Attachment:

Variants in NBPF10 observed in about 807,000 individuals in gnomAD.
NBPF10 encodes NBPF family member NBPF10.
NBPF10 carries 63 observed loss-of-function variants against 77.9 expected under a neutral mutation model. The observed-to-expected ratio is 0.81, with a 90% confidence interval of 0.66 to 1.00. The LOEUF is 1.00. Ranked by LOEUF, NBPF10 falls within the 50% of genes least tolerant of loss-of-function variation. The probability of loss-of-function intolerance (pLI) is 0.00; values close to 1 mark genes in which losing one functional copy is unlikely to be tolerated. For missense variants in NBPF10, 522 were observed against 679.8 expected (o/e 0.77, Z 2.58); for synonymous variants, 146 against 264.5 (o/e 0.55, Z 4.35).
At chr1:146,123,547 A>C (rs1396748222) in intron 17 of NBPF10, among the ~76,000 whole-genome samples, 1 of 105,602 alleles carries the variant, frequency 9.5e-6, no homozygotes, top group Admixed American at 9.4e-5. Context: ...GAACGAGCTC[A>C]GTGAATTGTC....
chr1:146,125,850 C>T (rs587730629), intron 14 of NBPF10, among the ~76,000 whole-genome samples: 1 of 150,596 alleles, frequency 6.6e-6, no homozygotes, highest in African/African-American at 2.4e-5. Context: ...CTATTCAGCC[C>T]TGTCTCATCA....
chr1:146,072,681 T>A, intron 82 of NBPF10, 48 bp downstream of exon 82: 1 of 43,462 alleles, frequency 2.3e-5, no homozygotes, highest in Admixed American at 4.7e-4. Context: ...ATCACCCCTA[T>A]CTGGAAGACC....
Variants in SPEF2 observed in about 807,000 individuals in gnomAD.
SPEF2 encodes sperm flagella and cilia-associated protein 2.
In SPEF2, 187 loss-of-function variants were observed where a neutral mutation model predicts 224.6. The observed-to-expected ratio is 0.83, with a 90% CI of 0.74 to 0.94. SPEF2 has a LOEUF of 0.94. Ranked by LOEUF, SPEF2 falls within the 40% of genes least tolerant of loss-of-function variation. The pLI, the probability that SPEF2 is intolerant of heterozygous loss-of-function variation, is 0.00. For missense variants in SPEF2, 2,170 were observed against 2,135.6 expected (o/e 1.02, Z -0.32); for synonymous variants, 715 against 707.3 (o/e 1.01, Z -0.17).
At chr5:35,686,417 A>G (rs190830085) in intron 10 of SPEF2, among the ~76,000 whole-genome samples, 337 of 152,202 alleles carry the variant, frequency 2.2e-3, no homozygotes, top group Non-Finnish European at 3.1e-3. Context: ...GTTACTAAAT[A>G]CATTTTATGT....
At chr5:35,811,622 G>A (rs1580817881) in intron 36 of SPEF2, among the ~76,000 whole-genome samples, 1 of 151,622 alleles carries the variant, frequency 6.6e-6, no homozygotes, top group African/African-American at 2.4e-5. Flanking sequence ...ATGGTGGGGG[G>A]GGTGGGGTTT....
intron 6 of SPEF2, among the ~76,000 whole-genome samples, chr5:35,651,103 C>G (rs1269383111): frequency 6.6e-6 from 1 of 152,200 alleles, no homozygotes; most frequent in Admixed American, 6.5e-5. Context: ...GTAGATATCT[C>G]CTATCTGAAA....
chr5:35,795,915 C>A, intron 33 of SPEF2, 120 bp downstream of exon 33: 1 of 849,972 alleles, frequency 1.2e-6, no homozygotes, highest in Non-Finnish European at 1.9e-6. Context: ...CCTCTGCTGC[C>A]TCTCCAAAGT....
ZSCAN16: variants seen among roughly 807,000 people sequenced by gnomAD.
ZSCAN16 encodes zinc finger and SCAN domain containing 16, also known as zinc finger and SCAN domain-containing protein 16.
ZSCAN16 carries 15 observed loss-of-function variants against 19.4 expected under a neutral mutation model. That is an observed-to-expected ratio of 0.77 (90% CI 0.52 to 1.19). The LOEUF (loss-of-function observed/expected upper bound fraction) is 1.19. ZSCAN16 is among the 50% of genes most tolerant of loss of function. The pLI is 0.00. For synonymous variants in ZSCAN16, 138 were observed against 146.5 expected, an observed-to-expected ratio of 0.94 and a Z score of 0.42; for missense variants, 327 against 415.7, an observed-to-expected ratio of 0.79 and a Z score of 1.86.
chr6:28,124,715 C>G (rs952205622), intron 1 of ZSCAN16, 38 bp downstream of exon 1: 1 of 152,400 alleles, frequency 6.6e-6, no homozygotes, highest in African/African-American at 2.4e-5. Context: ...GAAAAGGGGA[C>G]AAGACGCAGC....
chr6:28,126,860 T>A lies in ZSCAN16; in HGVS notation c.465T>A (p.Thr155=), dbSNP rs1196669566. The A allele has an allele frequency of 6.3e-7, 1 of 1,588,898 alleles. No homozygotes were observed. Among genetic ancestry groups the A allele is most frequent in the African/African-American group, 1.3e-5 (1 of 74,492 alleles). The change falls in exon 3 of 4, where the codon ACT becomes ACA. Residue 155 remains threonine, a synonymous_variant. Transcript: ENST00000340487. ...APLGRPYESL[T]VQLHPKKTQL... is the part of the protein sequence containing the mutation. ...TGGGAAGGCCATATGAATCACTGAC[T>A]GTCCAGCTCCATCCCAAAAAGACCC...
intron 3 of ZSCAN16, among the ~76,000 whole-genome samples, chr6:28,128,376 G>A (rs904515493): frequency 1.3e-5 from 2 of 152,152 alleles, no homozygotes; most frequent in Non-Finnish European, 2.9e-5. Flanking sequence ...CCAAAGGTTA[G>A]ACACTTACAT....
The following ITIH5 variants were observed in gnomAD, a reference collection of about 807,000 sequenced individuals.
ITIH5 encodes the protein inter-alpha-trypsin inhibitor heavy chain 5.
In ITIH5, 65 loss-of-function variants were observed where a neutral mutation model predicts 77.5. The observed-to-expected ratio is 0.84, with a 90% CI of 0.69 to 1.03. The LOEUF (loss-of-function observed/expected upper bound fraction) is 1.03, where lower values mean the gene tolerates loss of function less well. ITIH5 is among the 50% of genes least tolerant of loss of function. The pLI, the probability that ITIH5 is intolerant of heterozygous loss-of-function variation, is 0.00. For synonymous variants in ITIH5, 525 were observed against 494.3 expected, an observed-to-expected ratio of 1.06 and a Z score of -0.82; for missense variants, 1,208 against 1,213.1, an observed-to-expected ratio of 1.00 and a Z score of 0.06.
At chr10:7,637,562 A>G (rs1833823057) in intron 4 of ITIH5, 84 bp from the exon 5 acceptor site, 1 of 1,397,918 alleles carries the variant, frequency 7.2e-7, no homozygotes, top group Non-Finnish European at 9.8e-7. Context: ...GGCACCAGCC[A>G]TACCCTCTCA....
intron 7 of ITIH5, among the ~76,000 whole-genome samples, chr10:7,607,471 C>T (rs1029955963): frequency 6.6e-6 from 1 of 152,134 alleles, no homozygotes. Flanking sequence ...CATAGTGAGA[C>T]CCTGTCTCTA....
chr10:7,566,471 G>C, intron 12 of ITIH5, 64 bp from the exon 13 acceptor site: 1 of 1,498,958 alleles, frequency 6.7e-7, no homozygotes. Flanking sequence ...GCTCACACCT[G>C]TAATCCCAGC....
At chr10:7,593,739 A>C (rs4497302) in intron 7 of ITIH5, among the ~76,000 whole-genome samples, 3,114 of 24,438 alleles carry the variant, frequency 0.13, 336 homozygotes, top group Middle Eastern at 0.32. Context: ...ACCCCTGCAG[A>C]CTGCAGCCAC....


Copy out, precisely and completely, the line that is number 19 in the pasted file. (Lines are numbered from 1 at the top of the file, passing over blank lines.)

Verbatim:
intron 3 of ZSCAN16, among the ~76,000 whole-genome samples, chr6:28,128,376 G>A (rs904515493): frequency 1.3e-5 from 2 of 152,152 alleles, no homozygotes; most frequent in Non-Finnish European, 2.9e-5. Flanking sequence ...CCAAAGGTTA[G>A]ACACTTACAT....